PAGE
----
11. 1 point
    Given the principle that force may not be initiated to override the choices of another, even when those choices are irrational, then there is clearly no room to use force to prevent suicide, eating lamb or cow, being naked, or jumping off a cliff. There is room in an emergency to use force to defend yourself against the initiation of force, and there is room to seek protection via government force of your rights under the law, which includes your property right to control your property. Your right to be irrational is precisely and narrowly circumscribed: you may be irrational up to the point of violating my rights. I understand the problem that “I don’t like X” easily turns into a law “You may not X”. Within the past 50 years, the concept of individual rights and limited government have substantially eroded in the US. The solution to this problem is not to prohibit persuasion, it is to try to restore the concepts of limited government and individual rights. So if a half a million people want to forego the joy of a good lamb kebab, that is their right. It is likewise my right to try to persuade them to lighten up. Or, to put the matter the other way, it is also the right of the vegan down the road to try to persuade me that animals have the same rights as humans and we should only interact with them if they give informed consent. Even though ethical veganism (or vegetarianism) is irrational, that irrationality is their right. So let me recapitulate: Objectivism does not support using force to prevent irrational behavior.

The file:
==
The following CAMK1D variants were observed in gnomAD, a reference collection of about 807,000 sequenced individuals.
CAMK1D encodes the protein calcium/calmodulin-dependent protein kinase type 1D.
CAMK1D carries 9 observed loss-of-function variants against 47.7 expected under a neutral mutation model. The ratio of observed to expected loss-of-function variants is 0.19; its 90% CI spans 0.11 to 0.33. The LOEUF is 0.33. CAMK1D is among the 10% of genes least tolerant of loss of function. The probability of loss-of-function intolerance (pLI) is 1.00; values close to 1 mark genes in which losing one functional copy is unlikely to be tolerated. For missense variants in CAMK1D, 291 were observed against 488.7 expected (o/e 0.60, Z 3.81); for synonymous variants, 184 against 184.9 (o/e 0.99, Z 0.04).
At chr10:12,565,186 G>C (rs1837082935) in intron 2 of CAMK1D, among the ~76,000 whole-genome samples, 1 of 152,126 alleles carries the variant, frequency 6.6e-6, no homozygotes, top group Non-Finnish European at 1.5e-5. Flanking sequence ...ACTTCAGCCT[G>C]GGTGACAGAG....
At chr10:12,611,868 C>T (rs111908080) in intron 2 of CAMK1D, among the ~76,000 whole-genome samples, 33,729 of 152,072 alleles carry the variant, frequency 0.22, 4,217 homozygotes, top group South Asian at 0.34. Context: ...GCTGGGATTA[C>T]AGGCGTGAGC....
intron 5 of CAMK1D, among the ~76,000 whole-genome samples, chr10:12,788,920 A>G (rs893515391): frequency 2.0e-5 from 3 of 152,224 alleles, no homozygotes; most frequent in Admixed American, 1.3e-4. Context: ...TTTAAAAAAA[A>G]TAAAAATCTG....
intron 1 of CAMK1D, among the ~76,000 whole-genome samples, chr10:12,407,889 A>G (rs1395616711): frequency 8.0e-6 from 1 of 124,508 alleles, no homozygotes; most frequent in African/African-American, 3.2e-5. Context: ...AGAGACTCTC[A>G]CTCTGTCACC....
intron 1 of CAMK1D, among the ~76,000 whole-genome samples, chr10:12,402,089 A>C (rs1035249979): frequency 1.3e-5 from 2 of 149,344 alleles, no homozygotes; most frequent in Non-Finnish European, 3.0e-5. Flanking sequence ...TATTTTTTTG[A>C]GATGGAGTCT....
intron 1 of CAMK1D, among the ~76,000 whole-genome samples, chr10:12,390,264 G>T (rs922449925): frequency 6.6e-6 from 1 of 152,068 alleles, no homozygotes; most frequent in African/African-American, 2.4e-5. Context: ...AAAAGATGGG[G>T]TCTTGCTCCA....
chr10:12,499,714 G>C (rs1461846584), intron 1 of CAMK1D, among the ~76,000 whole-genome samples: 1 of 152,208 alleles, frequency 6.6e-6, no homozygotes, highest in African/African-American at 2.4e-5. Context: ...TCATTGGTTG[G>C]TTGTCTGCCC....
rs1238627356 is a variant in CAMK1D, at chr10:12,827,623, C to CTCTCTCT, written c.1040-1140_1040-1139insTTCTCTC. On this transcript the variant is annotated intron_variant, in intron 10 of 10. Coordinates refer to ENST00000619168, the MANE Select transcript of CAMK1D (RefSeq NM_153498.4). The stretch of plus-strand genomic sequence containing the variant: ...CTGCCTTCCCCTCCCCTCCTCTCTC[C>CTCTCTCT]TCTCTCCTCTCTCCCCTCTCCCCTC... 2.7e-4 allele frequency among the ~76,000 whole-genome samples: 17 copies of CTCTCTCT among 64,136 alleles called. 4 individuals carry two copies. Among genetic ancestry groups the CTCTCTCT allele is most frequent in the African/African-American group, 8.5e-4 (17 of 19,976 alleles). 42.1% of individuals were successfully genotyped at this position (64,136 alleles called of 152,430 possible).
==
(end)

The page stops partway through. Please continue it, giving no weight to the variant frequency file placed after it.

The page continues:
12. 1 point
    This is terrible news. Ted was one of the best people to interact with in Rand-land. Always so stimulating. He stopped posting years ago, and has been much missed. I'll let the folks at OL know.
  13. 1 point